Elodea is a native submerged, aquatic plant that grows in freshwater ponds, lakes, and streams. A tenacious grower it is considered a weed due to its ability to sprout and multiply in many habitats and conditions. Elodea is often confused with Hydrilla and Egeria. Elodea has long slender branched stems that can grow up to 20 feet with whirls of three leaves around the stem. The leaves are dark-green, very small and thin. Elodea flowers from June to August, its flowers are white and violet and are produced at the tip of the stalk and rise to or above the water surface. It reproduces primarily through stem fragments. Elodea provides cover for aquatic insects and fish and serves as a source of food for pond wildlife. It is one of few plants that provides underwater habitat during the winter months. Despite its benefits, Elodea is known to develop dense long stands that can prevent light from reaching other submerged plants and limit water movements affecting the balance of the ecosystem and interfering with recreational activities.
Elodea rapidly propagates through stem fragments dispersed by water currents, waterfowl and human activities. When using water facilities such ponds, lakes, rivers; make sure all clothing, boats, trailers, and any related equipment are free of plant material prior to leaving. New infestations occur when plant fragments stick to objects used in affected waters. Clean and flush watercrafts to rid them of any plant contaminants. Preventing the introduction and spread of this invader is the easiest and cheapest way to control it. Nutrient availability in the sediment will feed its growth.
Mechanical removal of elodea plants will temporarily reduce the population and their proliferation. All plants removed must be disposed of to prevent dissemination of fragments. It is imperative to monitor and clear out any new growth to avoid future reinvasion. Physical removal in conjunction with chemical control will maximize success.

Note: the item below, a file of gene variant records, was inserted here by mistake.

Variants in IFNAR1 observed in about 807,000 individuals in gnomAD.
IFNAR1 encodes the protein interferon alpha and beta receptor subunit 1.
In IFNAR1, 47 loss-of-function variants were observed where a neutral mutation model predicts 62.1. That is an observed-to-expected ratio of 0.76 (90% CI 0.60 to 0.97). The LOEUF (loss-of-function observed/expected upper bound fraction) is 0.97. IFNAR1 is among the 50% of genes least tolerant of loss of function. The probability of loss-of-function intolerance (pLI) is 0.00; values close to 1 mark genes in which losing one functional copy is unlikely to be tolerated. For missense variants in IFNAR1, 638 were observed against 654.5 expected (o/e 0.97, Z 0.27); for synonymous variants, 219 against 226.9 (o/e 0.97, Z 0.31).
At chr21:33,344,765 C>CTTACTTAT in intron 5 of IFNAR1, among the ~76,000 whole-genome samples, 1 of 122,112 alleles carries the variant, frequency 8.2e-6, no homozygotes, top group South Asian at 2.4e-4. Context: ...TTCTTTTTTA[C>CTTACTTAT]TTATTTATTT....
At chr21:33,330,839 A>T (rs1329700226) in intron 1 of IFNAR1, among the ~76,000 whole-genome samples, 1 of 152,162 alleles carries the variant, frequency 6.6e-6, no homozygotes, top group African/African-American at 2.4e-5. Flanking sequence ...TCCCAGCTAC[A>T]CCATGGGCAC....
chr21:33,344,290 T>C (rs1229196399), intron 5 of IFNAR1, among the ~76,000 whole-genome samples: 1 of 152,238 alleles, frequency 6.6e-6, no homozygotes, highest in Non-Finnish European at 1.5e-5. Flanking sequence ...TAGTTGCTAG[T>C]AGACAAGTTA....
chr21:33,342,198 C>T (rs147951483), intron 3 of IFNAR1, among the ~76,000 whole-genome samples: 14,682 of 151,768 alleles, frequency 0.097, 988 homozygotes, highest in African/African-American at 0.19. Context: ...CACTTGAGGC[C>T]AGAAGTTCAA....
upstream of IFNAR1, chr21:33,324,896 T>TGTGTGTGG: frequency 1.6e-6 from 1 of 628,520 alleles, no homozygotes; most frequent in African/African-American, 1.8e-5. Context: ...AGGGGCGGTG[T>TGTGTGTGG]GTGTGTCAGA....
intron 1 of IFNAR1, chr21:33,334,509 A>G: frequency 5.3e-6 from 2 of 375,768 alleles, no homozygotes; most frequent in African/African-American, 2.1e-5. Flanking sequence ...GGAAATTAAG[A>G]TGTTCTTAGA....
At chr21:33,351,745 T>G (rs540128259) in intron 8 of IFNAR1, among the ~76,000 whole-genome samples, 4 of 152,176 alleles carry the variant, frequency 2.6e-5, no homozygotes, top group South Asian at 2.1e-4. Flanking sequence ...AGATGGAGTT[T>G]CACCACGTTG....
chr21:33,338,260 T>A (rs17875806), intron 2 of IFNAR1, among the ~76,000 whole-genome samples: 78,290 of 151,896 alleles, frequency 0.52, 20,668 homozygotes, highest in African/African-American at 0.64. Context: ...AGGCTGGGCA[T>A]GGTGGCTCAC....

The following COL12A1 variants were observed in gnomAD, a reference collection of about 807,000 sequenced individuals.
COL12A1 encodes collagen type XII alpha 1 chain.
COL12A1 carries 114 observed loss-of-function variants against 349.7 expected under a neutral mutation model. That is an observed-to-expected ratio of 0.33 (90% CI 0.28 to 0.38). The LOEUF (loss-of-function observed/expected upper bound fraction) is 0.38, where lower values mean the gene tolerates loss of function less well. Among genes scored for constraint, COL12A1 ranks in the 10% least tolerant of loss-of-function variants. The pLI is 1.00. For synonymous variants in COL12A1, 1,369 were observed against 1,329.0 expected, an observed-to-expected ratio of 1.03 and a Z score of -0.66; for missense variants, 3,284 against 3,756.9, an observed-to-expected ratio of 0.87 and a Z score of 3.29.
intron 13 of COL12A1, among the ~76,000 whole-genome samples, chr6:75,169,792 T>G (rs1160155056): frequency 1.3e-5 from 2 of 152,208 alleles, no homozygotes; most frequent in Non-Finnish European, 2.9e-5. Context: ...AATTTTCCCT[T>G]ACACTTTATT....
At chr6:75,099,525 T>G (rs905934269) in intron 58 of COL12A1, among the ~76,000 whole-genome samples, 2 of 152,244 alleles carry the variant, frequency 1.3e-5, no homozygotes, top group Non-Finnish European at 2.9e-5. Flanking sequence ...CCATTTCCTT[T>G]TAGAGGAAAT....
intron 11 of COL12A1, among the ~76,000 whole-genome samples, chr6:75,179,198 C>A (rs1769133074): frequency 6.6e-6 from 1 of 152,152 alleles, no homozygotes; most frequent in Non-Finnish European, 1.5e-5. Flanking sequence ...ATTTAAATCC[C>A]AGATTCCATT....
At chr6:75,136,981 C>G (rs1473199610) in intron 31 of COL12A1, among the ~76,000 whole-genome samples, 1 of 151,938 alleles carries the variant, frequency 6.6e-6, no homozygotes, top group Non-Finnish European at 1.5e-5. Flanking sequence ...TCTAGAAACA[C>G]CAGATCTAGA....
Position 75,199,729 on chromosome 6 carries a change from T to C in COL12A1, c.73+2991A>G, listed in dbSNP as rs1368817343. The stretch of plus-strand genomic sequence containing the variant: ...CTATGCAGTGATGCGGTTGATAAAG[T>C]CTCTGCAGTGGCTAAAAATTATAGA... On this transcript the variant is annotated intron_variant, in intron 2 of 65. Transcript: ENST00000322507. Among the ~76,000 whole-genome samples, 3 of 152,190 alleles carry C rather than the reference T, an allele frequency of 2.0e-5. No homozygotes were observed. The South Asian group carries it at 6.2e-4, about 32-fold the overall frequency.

Dyes and colorants reduce aquatic plant growth by limiting sunlight penetration and reducing photosynthesis.
Aeration has also been used as a mechanical approach to hinder pondweed proliferation. Increased water flow can reduce the plant density. Additionally, the added oxygen will accelerate the decomposition process of nutrients that pondweed need to live.
When used carefully according to the label instruction, aquatic herbicides can be safe and effective management tools. The products that have been successful in treating elodea individually or in combination are Reward and Weedtrine D, Clipper, and Sonar AS and Sonar RTU. A nonionic surfactant Cygnet Plus should be mixed in solution with herbicides when plants are treated.
Reward is a fast-acting contact herbicide, highly effective in killing any part of the plant that comes into contact with.
Weedtrine D is a contact, non-volatile herbicide for use in controlling submersed and floating aquatics weeds. Weedtrine-D has rapid absorption and herbicide action.
Clipper is a broad spectrum, fast acting contact algaecide/herbicide. It comes in a water dispersible granule that mixes with water to be sprayed or pour. Clipper should be applied to actively growing plants or algal blooms.
Sonar A.S. is long acting systemic herbicide ideal for water bodies with minimal flow. Simply mix Sonar A.S. with water and spray throughout the surface of the water or pour in different spots around the pond. Sonar A.S. does not have water use restrictions.
Sonar RTU is a long acting, systemic, easy to use herbicide. Sonar RTU does not require mixing, simply open the bottle and treat from the shoreline.
Cygnet Plus is a nonionic wetting agent, sticker, activator and penetrant all in one. Cygnet Plus increases the effectiveness of herbicides uptake into the plant tissue.